Budget 2018: Tighter than it looks
Grant Robertson's first Budget delivers extra health, education and housing spending, but keeps within Labour's key debt and surplus rules. It looks bigger than it is, Bernard Hickey reports.
Everything is bigger at first sight in Grant Robertson’s first full Budget.
The Finance Minister has forecast a bigger surplus, 1500 more teachers, an extra $3.2 billion in health spending and 1800 more state houses than Labour promised in the election campaign. That looks like a big spend-up.
But a second look reveals a Government that has actually stopped itself from spending significantly more on both ongoing operational spending and new capital projects. That’s despite saying it has uncovered infrastructure deficits since it was sworn in last year, and its own forecasts showing it will fail to reach its unemployment target and that it is nowhere near over-heating the economy.
The Labour-led Government’s first Budget has a close eye on its self-imposed budget restraints aimed at dragging net debt below its arbitrary target of 20 percent of GDP within five years of taking office. It has actually left itself plenty of spare room for hiccups or slowdowns, with Treasury forecasting net debt to be 19.1 percent of GDP.
A more forensic look at Budget 2018 shows it actually isn’t pumping much more stimulus into the economy than what was announced back in the ‘mini-Budget’ in December.
Treasury’s measure of fiscal stimulus to the economy shows the various changes announced in the full Budget are broadly neutral. There’s actually been a slight tightening in 2017/18, although the Government can’t be blamed for that. The weather was a factor that drove up taxation’s share of the economy.
There is a slight loosening of policy in 2018/19, but the the Government is actually still tightening policy in 2019/20 and 2021/22.
There is a cost to not pushing the economy harder. Surprisingly, given the Government has a formal policy of reducing unemployment below four percent, Budget 2018 only actually stimulates spending enough to get unemployment down to a trough of 4.1 percent. It starts rising again in 2021/22.
The numbers of people unemployed barely fall, with a fall to 117,000 forecast by mid 2019 from 125,000 now. It even starts rising again to 124,000 by 2021/22.
Robertson said in his Budget lock-up news conference the Government wanted to keep some of its powder dry to deal with the financial fallout from Mycoplasma bovis, which Agriculture Minister Damien O’Connor has estimated could cost up to $1 billion.
But the Government’s response to Auckland’s population-shock-induced infrastructure and housing crisis has been limited by the 20 percent debt target and it has scrimped on a few other big capital spending items.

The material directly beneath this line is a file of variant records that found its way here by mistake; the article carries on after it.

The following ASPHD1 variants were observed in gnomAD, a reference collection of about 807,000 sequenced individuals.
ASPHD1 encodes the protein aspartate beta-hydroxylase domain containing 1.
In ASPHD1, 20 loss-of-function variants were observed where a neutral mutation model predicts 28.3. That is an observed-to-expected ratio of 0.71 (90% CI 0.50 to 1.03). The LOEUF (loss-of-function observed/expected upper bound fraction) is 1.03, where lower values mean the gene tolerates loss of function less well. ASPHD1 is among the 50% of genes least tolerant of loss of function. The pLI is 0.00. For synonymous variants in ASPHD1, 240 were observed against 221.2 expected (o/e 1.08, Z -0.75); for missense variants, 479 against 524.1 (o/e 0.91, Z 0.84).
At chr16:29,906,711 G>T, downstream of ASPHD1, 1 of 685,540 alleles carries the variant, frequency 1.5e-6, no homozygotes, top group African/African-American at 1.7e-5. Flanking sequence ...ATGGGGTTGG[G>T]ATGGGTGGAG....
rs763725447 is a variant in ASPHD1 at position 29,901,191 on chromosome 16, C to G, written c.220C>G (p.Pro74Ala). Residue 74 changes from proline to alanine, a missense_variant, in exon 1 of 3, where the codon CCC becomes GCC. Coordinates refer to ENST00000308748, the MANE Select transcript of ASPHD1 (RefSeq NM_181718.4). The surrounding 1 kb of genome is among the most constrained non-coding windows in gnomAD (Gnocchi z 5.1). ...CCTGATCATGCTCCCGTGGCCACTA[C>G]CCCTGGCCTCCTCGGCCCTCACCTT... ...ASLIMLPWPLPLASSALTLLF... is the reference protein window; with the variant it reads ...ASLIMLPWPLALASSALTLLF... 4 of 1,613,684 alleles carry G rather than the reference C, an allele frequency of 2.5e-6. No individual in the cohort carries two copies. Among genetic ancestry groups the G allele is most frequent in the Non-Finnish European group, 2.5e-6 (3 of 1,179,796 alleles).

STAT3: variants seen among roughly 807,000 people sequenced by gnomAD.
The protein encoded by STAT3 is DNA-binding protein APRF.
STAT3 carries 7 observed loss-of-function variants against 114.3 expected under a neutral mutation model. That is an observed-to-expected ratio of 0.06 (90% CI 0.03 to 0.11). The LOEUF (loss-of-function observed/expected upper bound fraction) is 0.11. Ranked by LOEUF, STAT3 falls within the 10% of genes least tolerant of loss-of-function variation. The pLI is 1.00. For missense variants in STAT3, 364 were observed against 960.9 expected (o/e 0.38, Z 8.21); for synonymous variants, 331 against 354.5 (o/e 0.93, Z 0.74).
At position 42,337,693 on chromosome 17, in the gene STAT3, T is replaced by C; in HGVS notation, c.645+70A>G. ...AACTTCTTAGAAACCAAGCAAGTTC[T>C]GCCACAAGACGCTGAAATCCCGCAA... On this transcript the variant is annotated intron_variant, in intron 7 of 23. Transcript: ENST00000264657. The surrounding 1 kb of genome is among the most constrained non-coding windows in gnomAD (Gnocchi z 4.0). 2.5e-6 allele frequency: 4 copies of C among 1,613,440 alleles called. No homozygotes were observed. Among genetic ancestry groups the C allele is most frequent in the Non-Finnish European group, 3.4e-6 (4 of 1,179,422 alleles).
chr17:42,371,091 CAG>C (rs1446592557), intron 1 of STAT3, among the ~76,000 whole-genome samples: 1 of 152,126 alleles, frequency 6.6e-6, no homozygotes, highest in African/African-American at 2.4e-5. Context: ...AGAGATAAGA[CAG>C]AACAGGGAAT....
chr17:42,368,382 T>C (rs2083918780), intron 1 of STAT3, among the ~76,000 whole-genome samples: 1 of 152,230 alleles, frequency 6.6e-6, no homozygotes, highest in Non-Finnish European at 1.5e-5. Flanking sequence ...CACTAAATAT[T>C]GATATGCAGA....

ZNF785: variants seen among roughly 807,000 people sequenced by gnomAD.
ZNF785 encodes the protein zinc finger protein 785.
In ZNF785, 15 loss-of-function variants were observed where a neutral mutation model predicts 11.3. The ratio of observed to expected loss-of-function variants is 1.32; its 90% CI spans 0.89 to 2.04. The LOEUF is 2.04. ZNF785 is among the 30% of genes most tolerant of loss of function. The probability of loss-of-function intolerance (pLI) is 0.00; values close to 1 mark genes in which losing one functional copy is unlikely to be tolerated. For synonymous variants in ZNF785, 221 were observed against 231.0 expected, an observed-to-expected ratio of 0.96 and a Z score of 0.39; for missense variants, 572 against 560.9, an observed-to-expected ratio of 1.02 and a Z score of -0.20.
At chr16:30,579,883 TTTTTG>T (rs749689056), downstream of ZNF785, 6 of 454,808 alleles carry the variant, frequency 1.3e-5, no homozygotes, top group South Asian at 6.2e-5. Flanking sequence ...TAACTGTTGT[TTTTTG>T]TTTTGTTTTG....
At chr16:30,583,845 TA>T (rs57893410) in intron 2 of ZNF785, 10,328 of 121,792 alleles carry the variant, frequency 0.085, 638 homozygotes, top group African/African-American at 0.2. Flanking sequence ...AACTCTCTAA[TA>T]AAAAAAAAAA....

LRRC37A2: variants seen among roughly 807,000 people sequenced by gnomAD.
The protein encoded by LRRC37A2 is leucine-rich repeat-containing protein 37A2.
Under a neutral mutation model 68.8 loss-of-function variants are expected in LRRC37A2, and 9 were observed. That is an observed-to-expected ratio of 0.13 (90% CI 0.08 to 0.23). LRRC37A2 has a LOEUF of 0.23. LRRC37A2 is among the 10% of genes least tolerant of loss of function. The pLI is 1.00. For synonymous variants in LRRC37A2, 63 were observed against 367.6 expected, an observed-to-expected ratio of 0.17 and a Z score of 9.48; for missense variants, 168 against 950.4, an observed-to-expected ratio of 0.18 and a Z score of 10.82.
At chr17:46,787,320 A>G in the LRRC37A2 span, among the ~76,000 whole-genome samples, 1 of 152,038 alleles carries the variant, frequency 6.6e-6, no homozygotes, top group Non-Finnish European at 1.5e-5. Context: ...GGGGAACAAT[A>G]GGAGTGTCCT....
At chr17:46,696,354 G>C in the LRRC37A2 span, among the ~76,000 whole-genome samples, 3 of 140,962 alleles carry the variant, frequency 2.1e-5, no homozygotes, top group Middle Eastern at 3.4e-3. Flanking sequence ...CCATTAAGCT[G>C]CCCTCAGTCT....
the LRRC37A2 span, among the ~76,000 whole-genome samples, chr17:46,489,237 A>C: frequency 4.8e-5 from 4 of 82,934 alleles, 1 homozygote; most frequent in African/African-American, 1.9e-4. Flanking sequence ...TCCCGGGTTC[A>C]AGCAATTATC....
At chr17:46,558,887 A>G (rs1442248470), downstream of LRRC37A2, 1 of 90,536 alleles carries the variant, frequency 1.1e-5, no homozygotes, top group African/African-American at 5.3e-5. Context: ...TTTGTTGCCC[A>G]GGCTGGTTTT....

The Government has delayed a $1 billion decision to build a new prison at Waikeria. Instead, it will use 600 temporary shelters. It has also held off on making a multi-billion commitment to buy replacements for its 50-something-year-old Orion marine surveillance aircraft.
Budget 2018 Highlights
Grant Robertson unveiled a forecast surplus in 2018/19 of $3.6 billion, up from $3.1 billion in the just-ending 2017/18 financial year. Treasury sees the surplus rising to $7.3 billion by 2021/22, which will push net debt down to 19.1 percent of GDP. That’s well inside the Government’s key Budget responsibility rule target of being below 20 percent within five years.
The Government is forecasting unemployment will bottom out at 4.1 percent in 2020 and the number of unemployed will go no lower than 117,000 in 2020. That’s barely below the 125,000 seen at the end of the current 2017/18 year and the current 4.5 percent rate.
It is forecasting inflation will take another three years to get to the two percent of the Reserve Bank’s one-three percent target band.
The Budget looks like a big loosening of fiscal policy with big licks of new spending for teachers, DHBs and special education, but the Treasury’s figures show a broadly neutral ‘fiscal impulse’ for the economy compared with the December half yearly update. In the short term, there has actually been a tightening of fiscal policy this year as some capital spending is shifted further out. There’s also still a tightening in 2019/20 and 2021/22 “driven by declining capital spending and rising tax receipts as a percentage of GDP”.
Phil Twyford partially won his Cabinet bid to increase the number of new state house builds. Labour promised an extra 1000 homes a year for for the first three years, but Tywford wanted Cabinet to double that. Instead, Budget 2018 delivers funding for around 1600 per year for the next four years. There’s also an extra $142.5 million over four years for grants for low income home owners to insulate and heat their homes.
Statistics New Zealand will get a funding boost to increase the size of the Household Economic Survey to 20,000 households from 3500 to get a better measure of child welbeing and low income.
Despite the discovery of substantial infrastructure deficits in health, education and transport since the Half Yearly Update in December, the Government will be borrowing just $1 billion extra through its borrowing programme over the next four years.
(Updated to correct 200,000 households to 20,000 households in item about Statistics NZ)
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